Yuki Allyson Honjo
Henry Hwang's play, "M. Butterfly," is loosely based on the true
story of a young French diplomat bewitched by a beguiling Chinese
opera star. They meet, fall in love and have a child together—all
to the strains of Puccini's "Madame Butterfly." Unfortunately for
the diplomat, his butterfly was a man, and the child had been "borrowed"
to perpetuate the myth. To make matters worse, his lover was a spy
for the Chinese government.
old bromide that truth is stranger than fiction certainly applies
to this tale. The story behind Puccini's opera, while perhaps less
bizarre, is a piece of fiction with bits of truth, lies and art
woven into it. Jan van Rij's book, Madam Butterfly: Japaonism,
Puccini and the Search for the Real Cho-Cho-San, attempts to
untangle truth from fiction.
is Butterfly? Is she merely a confection for the delectation of
the period's taste in Japonisme? Or was she real?
story line of the opera is simple: a girl's love is betrayed. In
the late 19th century, Lt. Pinkerton of the United States Navy rents
a house in Nagasaki and "marries" a younger Japanese woman by the
name of Butterfly, or Cho-Cho-san. Like the house, the arrangement,
at least in Pinkerton's eyes, is temporary: both bride and house
are leased for 999 years, revocable with one month's notice. Pinkerton
even toasts his future with a "real" American bride at his "wedding"
with Butterfly. Fifteen-year-old Butterfly, however, thinks the
marriage is real: she renounces her faith, her family and settles
into life with Pinkerton; with whom she has a child. Pinkerton later
leaves Butterfly for the United States, promising to return. Three
years later, Butterfly still waits for her husband and spurns all
other suitors. Pinkerton does return, but with his new American
wife. He demands that Butterfly hand over his child. Butterfly kills
herself in despair.
taxonomy of Lepidoptera, as Van Rij illustrates, is not easy. The
real Butterfly could have been one of many women. One popular myth
is that she was Tsuru Glover, the wife of Scottish diplomat Thomas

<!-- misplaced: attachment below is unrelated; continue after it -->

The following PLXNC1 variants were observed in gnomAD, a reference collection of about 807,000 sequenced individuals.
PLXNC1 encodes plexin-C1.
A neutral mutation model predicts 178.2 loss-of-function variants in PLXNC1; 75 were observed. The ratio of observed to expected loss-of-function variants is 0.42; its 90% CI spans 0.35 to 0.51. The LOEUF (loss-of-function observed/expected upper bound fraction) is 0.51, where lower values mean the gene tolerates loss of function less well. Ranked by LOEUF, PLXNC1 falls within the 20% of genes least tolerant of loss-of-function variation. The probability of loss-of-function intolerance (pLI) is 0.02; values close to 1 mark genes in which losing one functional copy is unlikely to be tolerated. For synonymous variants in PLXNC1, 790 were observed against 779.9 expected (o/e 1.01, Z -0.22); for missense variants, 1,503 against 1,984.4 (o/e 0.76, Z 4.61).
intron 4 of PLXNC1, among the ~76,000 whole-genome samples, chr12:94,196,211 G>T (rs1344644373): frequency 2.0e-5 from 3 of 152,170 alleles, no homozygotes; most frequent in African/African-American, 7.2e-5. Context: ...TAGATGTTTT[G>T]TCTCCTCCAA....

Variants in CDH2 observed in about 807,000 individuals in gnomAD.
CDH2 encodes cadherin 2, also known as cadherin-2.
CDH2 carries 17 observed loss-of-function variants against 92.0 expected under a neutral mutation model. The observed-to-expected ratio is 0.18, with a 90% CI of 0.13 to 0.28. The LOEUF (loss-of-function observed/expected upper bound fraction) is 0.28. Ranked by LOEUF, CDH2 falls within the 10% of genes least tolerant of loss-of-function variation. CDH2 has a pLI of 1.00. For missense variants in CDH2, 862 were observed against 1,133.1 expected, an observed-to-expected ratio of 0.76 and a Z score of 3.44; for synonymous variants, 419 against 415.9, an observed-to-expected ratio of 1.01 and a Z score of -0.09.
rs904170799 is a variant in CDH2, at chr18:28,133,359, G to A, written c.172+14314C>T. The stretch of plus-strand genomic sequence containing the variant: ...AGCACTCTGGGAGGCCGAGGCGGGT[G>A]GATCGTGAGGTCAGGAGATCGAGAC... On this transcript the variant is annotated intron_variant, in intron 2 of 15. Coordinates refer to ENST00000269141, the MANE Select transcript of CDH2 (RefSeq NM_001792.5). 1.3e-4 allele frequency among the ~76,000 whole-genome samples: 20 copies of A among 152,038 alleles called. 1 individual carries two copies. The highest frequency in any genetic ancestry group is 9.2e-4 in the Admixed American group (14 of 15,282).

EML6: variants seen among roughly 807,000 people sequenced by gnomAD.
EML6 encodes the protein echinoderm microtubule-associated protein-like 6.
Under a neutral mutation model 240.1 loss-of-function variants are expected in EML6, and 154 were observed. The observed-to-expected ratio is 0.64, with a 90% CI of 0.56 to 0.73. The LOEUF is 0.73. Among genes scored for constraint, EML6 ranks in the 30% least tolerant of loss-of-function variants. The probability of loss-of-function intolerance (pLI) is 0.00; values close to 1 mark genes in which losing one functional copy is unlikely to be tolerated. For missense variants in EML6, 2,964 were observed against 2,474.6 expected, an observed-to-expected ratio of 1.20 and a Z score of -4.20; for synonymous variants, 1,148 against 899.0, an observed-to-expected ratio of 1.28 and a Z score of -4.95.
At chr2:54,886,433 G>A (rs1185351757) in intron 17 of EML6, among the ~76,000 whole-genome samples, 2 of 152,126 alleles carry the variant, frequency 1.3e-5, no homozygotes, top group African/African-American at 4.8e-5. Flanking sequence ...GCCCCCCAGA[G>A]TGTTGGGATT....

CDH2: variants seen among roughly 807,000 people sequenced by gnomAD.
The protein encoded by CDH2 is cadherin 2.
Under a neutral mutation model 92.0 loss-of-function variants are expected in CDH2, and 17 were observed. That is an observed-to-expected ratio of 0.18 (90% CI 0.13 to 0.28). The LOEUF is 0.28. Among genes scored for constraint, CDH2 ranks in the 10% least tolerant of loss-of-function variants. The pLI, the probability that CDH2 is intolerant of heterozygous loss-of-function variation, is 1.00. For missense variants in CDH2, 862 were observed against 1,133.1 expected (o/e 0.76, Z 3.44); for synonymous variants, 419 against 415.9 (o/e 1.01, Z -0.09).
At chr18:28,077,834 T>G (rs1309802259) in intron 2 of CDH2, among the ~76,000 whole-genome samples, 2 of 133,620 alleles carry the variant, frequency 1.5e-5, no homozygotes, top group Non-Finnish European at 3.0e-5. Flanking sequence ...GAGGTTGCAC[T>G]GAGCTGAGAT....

Glover. Indeed, the city of Nagasaki encourages this association.
The garden of the Glover's former home, now a tourist attraction
in Nagasaki, has speakers piping in strains of the opera.
could have been O-Kikusan of Pierre Loti's novel Madame Chrysanthemem,
based on his own experience in Nagasaki.
could also have come from the memoirs of Jeannie Correll, a missionary
in Japan who told her brother, John Luther Long, the story of a
girl forsaken by a foreign sailor and her sad death, on which he
wrote a story. David Belasco wrote a play based on Long's story
and Puccini saw the play—the rest was opera history.
was it? Puccini's librettist borrowed elements from Loti, Charles
Messager, Long and Belasco—multiple sources informed the opera.
to this mix was the potent mix of Japonisme, the period's taste
for the exotic and Puccini's own neuroses and passions. The end
result was Madame Butterfly, which did not so much reflect
19th century Japan, but how outsiders like Puccini, who had never
gone to Japan, imagined the place.
opera itself underwent a number of changes. The first performance
at La Scala in 1904 was a disaster: Puccini was literally booed
off the stage. Badly shaken, he reworked the structure of the opera,
though not so much the music. The changes brought smashing success.
The Paris version of 1906 reworked some of the characters and became
the definitive version.
Japan, the opera has never garnered the popularity it has in the
West: a complete version was note performed until 1936. Japanese
audiences have often found the "Japan" of Puccini's vision disquieting,
alien and with the patina of cheap drama. When part of the opera
was performed in 1916, an Asahi Shimbun reviewer scoffed that it
was a "contemptuous glance at the customs and habits of loose women"
Rij is a fine guide through the twists and turns of the story, the
perfect historical companion for the opera viewer or casual reader
of history. Reading his book is like reading extended record liner
notes: it serves to educate as well as amuse. His book is not a
musical analysis of the opera. However, in one slim volume, Van
Rij provides an overview of life in Nagasaki, Japonisme,
Puccini's creative struggles and milestone performances of the opera.
the book meanders from subject to subject like a dinner-party conversation
after one too many bottles of wine—delightful but ultimately
frustrating for the scholarly reader. But for someone wanting additional
information on the opera, the book is a charming way to pass the
time. And Van Rij also shows us that in Puccini's opera, truth is
fiction, and vice versa, and always entertaining.
Yuki Allyson Honjo. "Tracking down Cho-Cho-san." The International
Herald Tribune/Asahi. April 27, 2000.
part of [Madame Butterfly] was performed in 1916, an Asahi Shimbun
reviewer scoffed that it was a 'contemptuous glance at the customs
and habits of loose women' in Japan.".
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